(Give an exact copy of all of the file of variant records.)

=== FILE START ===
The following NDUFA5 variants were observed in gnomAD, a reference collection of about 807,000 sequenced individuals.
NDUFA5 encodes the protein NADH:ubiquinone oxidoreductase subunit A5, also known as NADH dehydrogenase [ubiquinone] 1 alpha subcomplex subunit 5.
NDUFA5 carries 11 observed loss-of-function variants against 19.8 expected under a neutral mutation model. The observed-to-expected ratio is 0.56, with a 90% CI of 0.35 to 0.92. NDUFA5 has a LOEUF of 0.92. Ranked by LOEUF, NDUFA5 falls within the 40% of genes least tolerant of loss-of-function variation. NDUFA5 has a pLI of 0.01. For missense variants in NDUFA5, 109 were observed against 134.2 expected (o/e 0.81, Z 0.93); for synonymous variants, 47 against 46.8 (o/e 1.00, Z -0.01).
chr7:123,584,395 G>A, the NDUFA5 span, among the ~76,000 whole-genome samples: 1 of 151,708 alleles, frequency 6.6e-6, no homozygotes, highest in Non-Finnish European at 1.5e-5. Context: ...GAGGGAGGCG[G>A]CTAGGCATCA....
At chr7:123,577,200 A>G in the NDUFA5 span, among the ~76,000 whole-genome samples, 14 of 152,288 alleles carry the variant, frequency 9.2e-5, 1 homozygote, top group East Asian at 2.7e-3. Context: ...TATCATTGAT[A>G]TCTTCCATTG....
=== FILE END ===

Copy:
The following NDUFA5 variants were observed in gnomAD, a reference collection of about 807,000 sequenced individuals.
NDUFA5 encodes the protein NADH:ubiquinone oxidoreductase subunit A5, also known as NADH dehydrogenase [ubiquinone] 1 alpha subcomplex subunit 5.
NDUFA5 carries 11 observed loss-of-function variants against 19.8 expected under a neutral mutation model. The observed-to-expected ratio is 0.56, with a 90% CI of 0.35 to 0.92. NDUFA5 has a LOEUF of 0.92. Ranked by LOEUF, NDUFA5 falls within the 40% of genes least tolerant of loss-of-function variation. NDUFA5 has a pLI of 0.01. For missense variants in NDUFA5, 109 were observed against 134.2 expected (o/e 0.81, Z 0.93); for synonymous variants, 47 against 46.8 (o/e 1.00, Z -0.01).
chr7:123,584,395 G>A, the NDUFA5 span, among the ~76,000 whole-genome samples: 1 of 151,708 alleles, frequency 6.6e-6, no homozygotes, highest in Non-Finnish European at 1.5e-5. Context: ...GAGGGAGGCG[G>A]CTAGGCATCA....
At chr7:123,577,200 A>G in the NDUFA5 span, among the ~76,000 whole-genome samples, 14 of 152,288 alleles carry the variant, frequency 9.2e-5, 1 homozygote, top group East Asian at 2.7e-3. Context: ...TATCATTGAT[A>G]TCTTCCATTG....